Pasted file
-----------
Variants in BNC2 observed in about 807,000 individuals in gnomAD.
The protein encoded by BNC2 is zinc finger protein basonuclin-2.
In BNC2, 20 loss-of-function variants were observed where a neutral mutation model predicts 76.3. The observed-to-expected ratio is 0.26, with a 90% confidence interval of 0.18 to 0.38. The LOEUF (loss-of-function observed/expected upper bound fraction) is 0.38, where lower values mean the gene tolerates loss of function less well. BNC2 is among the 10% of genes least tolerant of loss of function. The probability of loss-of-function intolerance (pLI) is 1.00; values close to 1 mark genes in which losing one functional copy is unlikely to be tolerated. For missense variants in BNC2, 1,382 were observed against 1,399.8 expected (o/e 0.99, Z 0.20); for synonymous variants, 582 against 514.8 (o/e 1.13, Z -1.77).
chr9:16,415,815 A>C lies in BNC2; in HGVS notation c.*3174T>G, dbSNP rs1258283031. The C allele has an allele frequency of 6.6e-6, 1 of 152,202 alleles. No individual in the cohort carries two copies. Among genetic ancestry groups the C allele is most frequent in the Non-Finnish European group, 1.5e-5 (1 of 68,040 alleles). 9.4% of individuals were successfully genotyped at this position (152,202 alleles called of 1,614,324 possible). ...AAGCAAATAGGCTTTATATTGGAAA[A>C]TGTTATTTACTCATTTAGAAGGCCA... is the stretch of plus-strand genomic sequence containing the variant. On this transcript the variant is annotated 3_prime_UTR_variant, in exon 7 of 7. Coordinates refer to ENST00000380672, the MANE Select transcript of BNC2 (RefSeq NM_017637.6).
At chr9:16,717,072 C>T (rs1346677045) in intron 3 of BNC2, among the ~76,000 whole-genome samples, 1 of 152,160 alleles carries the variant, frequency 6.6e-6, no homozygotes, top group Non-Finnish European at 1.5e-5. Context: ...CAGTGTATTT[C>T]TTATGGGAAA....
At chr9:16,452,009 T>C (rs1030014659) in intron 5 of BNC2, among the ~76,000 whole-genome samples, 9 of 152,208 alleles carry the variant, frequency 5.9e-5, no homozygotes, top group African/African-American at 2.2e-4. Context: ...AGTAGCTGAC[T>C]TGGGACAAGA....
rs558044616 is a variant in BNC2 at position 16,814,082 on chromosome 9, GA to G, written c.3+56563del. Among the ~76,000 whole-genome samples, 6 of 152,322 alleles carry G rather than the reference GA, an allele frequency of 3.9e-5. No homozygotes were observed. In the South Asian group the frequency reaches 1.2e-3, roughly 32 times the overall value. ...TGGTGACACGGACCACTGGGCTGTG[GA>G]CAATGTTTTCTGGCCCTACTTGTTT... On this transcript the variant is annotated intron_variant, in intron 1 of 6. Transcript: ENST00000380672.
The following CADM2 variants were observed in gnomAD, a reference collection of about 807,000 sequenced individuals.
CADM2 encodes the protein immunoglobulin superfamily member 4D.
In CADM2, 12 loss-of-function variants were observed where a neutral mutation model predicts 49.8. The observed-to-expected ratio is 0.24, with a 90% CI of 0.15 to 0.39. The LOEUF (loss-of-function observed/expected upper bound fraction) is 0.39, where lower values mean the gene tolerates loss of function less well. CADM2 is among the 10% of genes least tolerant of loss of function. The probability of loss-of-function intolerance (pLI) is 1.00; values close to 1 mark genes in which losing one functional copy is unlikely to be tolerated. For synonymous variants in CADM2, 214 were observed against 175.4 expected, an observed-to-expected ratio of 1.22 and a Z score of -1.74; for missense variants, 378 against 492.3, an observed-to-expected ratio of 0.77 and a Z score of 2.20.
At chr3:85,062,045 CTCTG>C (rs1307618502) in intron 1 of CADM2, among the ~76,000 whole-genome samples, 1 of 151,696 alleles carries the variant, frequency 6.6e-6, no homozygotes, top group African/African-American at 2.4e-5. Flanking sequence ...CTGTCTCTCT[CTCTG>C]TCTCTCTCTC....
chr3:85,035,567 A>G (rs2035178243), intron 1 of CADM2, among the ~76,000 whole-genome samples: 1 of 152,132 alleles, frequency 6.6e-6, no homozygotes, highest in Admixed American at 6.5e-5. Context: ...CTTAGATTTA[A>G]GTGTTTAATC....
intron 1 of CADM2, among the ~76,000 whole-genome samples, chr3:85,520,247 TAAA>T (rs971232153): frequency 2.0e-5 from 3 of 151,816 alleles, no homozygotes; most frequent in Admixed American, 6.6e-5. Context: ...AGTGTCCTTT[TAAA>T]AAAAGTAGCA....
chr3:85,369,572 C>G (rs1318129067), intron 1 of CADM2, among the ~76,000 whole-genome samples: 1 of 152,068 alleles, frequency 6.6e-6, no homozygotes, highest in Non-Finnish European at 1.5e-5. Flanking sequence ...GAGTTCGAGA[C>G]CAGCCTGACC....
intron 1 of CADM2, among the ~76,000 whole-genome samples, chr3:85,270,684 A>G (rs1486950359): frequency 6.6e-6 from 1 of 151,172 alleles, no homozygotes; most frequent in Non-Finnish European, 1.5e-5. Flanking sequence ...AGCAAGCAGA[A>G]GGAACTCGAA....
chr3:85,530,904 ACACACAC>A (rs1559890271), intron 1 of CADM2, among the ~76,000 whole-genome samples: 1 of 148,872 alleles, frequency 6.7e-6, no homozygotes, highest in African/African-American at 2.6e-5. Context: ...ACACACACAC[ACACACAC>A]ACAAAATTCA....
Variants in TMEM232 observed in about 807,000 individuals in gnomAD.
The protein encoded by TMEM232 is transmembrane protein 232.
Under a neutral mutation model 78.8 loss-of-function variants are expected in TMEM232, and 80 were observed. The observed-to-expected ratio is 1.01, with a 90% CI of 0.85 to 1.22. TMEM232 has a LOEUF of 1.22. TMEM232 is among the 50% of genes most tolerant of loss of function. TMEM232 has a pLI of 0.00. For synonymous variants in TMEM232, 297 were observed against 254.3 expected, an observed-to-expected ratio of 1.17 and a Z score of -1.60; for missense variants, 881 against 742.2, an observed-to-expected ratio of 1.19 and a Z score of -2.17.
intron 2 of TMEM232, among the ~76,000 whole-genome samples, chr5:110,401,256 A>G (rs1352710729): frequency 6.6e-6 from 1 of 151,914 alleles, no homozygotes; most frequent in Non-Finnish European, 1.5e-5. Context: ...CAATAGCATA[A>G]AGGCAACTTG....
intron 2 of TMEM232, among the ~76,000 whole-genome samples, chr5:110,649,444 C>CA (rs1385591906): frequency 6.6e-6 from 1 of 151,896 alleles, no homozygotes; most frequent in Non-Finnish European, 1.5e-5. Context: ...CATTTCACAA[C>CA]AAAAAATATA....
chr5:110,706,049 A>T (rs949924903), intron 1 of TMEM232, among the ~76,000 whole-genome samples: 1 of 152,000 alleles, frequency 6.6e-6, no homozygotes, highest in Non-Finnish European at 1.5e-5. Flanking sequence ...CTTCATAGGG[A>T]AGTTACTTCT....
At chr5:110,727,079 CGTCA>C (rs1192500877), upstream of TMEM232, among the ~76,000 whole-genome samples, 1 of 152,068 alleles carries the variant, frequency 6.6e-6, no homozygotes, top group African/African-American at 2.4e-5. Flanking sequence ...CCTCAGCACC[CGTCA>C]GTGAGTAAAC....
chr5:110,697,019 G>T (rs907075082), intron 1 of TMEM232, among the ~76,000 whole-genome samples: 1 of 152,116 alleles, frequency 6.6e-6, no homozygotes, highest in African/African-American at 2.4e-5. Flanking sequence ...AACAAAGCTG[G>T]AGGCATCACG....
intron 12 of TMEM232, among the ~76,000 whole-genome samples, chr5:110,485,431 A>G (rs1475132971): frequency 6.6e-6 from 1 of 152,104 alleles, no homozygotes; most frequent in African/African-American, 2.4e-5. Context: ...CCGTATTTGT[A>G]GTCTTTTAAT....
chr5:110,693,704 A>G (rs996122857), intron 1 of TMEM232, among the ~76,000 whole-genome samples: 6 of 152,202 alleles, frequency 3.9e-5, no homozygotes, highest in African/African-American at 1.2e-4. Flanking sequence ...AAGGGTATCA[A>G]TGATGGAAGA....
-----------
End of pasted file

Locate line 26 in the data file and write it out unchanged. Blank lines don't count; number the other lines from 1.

chr5:110,693,704 A>G (rs996122857), intron 1 of TMEM232, among the ~76,000 whole-genome samples: 6 of 152,202 alleles, frequency 3.9e-5, no homozygotes, highest in African/African-American at 1.2e-4. Flanking sequence ...AAGGGTATCA[A>G]TGATGGAAGA....